Yes, those were go-go boots for the teens and twenty-somethings of that exciting decade.
But for me, go-go boots meant something far less dashing, yet no less adored. When I think "go-go boots" I remember the simple short white boots so many little girls like me were wearing in the second grade. I remember when they came out, and how, one by one, all my classmates appeared at school wearing them.
Ah, the envy of it all! Those coveted, darling, wonderful little white boots! How I wanted a pair, but alas... Weeks went by and all I could do was sigh and gaze from afar. And then, suddenly, rather late in the game, my mom took me shoe shopping and I got a pair of my own!
|Eat your heart out, Nancy Sinatra!|
There was a big flurry of excitement when I came proudly into school the next day. My boots were spanking new and white, and the other girls' boots were looking grey and scuffed by this time. Oh, how I loved those wonderful boots!
Not all of us have such wonderful memories of receiving those coveted go-go boots.
My sister-in-law's experience was singularly dreadful. A few years older than I, she was in 7th grade when she asked her mother for a pair of go-go boots for Christmas. White go-go boots, like the other girls were wearing.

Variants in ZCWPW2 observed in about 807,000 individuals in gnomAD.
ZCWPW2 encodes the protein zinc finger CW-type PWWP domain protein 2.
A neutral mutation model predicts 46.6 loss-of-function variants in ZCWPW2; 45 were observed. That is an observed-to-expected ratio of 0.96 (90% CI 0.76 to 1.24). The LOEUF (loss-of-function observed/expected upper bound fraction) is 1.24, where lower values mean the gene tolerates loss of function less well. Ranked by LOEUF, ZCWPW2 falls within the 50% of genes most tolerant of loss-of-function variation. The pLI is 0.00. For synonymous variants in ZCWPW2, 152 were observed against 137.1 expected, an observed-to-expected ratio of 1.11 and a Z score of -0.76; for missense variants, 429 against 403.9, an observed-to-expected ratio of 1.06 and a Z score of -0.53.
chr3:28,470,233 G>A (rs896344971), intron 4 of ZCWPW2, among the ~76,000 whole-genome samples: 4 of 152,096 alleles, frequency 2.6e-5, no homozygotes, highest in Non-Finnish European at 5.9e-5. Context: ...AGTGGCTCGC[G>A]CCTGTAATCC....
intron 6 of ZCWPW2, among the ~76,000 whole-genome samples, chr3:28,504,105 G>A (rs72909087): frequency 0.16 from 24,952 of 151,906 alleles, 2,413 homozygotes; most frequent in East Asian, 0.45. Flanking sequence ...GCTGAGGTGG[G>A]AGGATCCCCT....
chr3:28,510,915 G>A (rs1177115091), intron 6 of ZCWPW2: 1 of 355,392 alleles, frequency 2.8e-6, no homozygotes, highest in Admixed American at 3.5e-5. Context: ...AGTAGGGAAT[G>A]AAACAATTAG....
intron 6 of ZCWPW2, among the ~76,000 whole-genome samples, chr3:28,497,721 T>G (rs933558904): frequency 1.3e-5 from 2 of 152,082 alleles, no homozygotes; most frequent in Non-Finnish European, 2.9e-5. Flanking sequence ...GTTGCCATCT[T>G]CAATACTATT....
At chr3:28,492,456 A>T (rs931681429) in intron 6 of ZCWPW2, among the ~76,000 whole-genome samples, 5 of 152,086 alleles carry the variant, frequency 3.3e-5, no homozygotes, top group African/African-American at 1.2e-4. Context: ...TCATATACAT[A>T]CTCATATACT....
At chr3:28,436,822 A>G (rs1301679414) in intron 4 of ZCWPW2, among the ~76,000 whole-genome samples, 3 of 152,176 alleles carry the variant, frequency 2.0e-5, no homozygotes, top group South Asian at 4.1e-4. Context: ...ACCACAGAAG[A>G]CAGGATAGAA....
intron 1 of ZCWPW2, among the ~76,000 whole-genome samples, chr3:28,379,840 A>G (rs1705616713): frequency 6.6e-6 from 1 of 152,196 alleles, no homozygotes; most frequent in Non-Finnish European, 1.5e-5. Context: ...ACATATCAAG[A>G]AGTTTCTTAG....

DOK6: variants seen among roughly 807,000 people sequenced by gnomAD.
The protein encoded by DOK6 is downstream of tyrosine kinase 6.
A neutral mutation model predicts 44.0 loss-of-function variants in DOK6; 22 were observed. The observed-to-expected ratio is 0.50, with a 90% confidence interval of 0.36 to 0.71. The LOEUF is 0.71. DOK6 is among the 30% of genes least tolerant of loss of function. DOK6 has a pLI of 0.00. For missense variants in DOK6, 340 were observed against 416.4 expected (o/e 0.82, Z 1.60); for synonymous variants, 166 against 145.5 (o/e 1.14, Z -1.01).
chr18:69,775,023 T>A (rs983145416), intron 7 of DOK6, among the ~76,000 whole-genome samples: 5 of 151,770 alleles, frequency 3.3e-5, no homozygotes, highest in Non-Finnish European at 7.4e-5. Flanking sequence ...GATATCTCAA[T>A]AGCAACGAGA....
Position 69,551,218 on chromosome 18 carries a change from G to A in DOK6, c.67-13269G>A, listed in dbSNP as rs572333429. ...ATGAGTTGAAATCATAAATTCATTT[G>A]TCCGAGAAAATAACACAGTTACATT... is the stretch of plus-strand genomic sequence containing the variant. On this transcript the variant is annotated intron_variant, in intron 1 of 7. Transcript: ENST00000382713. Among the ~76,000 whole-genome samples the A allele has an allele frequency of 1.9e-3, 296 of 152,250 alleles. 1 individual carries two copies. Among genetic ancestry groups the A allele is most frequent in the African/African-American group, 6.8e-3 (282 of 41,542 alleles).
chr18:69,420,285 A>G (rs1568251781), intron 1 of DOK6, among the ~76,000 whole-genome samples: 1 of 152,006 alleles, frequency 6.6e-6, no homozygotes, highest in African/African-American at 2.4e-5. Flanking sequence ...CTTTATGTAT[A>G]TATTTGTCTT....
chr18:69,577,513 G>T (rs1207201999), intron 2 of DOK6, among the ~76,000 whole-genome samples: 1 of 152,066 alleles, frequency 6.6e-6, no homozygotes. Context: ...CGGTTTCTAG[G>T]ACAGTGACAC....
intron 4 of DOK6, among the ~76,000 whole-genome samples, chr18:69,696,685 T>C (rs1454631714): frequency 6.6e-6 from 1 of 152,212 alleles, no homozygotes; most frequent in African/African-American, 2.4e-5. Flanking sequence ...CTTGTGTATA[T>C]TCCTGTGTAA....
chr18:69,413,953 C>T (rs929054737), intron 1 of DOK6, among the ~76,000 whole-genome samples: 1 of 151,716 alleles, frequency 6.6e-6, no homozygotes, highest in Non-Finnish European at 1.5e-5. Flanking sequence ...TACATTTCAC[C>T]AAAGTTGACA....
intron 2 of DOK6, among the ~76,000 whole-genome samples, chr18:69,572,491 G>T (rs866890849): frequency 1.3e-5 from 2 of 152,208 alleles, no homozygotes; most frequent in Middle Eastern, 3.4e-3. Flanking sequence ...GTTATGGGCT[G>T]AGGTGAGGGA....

|...and go-go boots for the pre-teen set, as well!|
Long days--nay, long weeks--later, when the moment came to open the gifts, her mother proudly presented her with a large wrapped box. The go-go boots! The white go-go boots! Claudia thought rapturously.
She tore into the package, her mother beaming proudly, and pulled out...
...a ghastly pair of white galoshes with round toes and fur lining,
designed for little old ladies and worn by no self-respecting female under the age of eighty-five. Can you imagine the letdown?!
Somehow she kept her dismay from her benignly clueless mother and prayed that it wouldn't snow that winter, but of course it did snow eventually, and Claudia was forced to appear at school in those octogenarian horrors, much to the mockery and hoots of snooty classmates who'd been blessed with more sartorially savvy mothers.
Ah, memories.... Funny how someone's bliss is someone else's complete bummer, huh?
God pity them both! and pity us all,
Who vainly the dreams of youth recall;
For of all sad words of tongue or pen,
The saddest are these: "It might have been!"
--John Greenleaf Whittier, "Maud Muller"